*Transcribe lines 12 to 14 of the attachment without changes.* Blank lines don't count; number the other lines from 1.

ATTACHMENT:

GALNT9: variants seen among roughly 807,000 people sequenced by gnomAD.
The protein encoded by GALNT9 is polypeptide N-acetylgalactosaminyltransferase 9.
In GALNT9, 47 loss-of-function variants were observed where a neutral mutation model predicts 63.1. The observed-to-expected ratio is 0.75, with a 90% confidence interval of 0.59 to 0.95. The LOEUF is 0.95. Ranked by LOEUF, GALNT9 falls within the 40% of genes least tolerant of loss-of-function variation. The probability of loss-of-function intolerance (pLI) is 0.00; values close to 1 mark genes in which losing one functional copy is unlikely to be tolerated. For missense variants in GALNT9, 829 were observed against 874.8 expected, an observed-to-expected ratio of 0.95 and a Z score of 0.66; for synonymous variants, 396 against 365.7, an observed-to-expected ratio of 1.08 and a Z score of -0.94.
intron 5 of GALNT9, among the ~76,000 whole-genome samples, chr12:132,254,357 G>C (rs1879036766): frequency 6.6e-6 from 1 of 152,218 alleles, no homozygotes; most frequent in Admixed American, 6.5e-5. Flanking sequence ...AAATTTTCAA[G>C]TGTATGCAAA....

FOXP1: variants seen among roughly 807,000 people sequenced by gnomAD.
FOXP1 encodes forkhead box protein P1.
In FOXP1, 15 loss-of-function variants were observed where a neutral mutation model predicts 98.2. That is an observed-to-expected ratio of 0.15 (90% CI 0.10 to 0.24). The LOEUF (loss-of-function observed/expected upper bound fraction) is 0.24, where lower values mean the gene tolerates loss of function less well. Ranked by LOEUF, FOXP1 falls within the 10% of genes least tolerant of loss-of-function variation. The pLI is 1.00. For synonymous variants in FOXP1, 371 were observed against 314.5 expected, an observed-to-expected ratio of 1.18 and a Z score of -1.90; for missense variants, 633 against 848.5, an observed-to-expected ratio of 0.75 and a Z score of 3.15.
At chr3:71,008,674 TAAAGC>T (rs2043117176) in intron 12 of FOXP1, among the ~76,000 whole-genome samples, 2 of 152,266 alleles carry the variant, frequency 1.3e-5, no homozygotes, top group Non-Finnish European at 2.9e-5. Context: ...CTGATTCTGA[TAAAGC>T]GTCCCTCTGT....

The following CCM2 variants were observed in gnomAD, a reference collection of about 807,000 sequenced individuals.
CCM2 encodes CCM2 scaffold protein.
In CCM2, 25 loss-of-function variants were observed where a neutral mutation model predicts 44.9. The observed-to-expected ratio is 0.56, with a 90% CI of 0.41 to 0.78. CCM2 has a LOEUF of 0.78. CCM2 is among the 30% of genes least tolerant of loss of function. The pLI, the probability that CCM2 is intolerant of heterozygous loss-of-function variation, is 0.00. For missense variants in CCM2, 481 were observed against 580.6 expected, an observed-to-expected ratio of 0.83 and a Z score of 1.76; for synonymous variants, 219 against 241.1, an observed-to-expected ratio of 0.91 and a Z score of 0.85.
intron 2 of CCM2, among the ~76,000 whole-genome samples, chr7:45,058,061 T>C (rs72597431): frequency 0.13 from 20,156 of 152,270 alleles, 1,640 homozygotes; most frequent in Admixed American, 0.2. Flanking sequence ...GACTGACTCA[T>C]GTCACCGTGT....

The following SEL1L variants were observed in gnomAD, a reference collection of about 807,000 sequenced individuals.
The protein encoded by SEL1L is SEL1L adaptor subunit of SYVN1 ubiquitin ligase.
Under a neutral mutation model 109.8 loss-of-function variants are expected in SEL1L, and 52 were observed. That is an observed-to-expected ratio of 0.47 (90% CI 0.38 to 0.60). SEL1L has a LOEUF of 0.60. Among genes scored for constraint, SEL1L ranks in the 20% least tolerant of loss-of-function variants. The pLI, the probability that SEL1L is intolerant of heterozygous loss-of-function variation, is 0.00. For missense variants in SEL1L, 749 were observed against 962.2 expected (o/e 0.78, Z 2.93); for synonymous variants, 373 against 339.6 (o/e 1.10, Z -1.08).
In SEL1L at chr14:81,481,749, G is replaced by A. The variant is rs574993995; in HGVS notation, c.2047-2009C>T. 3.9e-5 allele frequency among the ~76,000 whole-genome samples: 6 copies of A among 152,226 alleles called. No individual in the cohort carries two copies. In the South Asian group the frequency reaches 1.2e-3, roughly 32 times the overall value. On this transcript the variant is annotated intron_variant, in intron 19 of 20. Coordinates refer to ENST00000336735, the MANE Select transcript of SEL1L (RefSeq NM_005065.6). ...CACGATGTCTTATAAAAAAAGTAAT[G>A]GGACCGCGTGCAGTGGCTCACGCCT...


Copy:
intron 2 of CCM2, among the ~76,000 whole-genome samples, chr7:45,058,061 T>C (rs72597431): frequency 0.13 from 20,156 of 152,270 alleles, 1,640 homozygotes; most frequent in Admixed American, 0.2. Flanking sequence ...GACTGACTCA[T>C]GTCACCGTGT....

The following SEL1L variants were observed in gnomAD, a reference collection of about 807,000 sequenced individuals.
The protein encoded by SEL1L is SEL1L adaptor subunit of SYVN1 ubiquitin ligase.